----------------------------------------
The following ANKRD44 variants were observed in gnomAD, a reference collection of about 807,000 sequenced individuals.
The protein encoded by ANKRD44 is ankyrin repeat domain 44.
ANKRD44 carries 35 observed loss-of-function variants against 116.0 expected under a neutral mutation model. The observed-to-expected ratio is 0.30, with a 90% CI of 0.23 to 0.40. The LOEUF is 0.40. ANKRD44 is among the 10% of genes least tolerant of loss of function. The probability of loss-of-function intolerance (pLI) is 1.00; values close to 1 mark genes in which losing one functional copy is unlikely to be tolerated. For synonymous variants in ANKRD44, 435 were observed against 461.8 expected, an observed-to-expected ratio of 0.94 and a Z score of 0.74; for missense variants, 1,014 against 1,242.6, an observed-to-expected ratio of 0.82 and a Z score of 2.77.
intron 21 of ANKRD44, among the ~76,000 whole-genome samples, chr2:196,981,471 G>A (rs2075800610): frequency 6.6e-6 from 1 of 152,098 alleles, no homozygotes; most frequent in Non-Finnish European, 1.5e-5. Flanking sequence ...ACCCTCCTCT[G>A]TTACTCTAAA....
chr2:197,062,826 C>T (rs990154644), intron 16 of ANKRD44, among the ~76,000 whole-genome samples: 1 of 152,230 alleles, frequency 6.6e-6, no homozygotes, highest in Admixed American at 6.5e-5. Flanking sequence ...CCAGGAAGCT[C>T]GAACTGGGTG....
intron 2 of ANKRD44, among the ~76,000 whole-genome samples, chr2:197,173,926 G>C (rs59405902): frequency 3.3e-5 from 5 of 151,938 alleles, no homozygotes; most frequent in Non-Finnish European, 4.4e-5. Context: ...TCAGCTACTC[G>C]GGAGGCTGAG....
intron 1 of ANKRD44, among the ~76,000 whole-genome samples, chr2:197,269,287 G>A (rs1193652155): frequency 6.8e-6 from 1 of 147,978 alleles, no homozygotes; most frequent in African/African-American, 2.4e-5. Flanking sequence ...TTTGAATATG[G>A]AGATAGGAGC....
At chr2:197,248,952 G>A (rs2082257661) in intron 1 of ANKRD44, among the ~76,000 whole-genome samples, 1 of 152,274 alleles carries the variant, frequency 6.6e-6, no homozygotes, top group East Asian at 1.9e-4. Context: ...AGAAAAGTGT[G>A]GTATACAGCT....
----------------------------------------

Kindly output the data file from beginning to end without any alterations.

The following ANKRD44 variants were observed in gnomAD, a reference collection of about 807,000 sequenced individuals.
The protein encoded by ANKRD44 is ankyrin repeat domain 44.
ANKRD44 carries 35 observed loss-of-function variants against 116.0 expected under a neutral mutation model. The observed-to-expected ratio is 0.30, with a 90% CI of 0.23 to 0.40. The LOEUF is 0.40. ANKRD44 is among the 10% of genes least tolerant of loss of function. The probability of loss-of-function intolerance (pLI) is 1.00; values close to 1 mark genes in which losing one functional copy is unlikely to be tolerated. For synonymous variants in ANKRD44, 435 were observed against 461.8 expected, an observed-to-expected ratio of 0.94 and a Z score of 0.74; for missense variants, 1,014 against 1,242.6, an observed-to-expected ratio of 0.82 and a Z score of 2.77.
intron 21 of ANKRD44, among the ~76,000 whole-genome samples, chr2:196,981,471 G>A (rs2075800610): frequency 6.6e-6 from 1 of 152,098 alleles, no homozygotes; most frequent in Non-Finnish European, 1.5e-5. Flanking sequence ...ACCCTCCTCT[G>A]TTACTCTAAA....
chr2:197,062,826 C>T (rs990154644), intron 16 of ANKRD44, among the ~76,000 whole-genome samples: 1 of 152,230 alleles, frequency 6.6e-6, no homozygotes, highest in Admixed American at 6.5e-5. Flanking sequence ...CCAGGAAGCT[C>T]GAACTGGGTG....
intron 2 of ANKRD44, among the ~76,000 whole-genome samples, chr2:197,173,926 G>C (rs59405902): frequency 3.3e-5 from 5 of 151,938 alleles, no homozygotes; most frequent in Non-Finnish European, 4.4e-5. Context: ...TCAGCTACTC[G>C]GGAGGCTGAG....
intron 1 of ANKRD44, among the ~76,000 whole-genome samples, chr2:197,269,287 G>A (rs1193652155): frequency 6.8e-6 from 1 of 147,978 alleles, no homozygotes; most frequent in African/African-American, 2.4e-5. Flanking sequence ...TTTGAATATG[G>A]AGATAGGAGC....
At chr2:197,248,952 G>A (rs2082257661) in intron 1 of ANKRD44, among the ~76,000 whole-genome samples, 1 of 152,274 alleles carries the variant, frequency 6.6e-6, no homozygotes, top group East Asian at 1.9e-4. Context: ...AGAAAAGTGT[G>A]GTATACAGCT....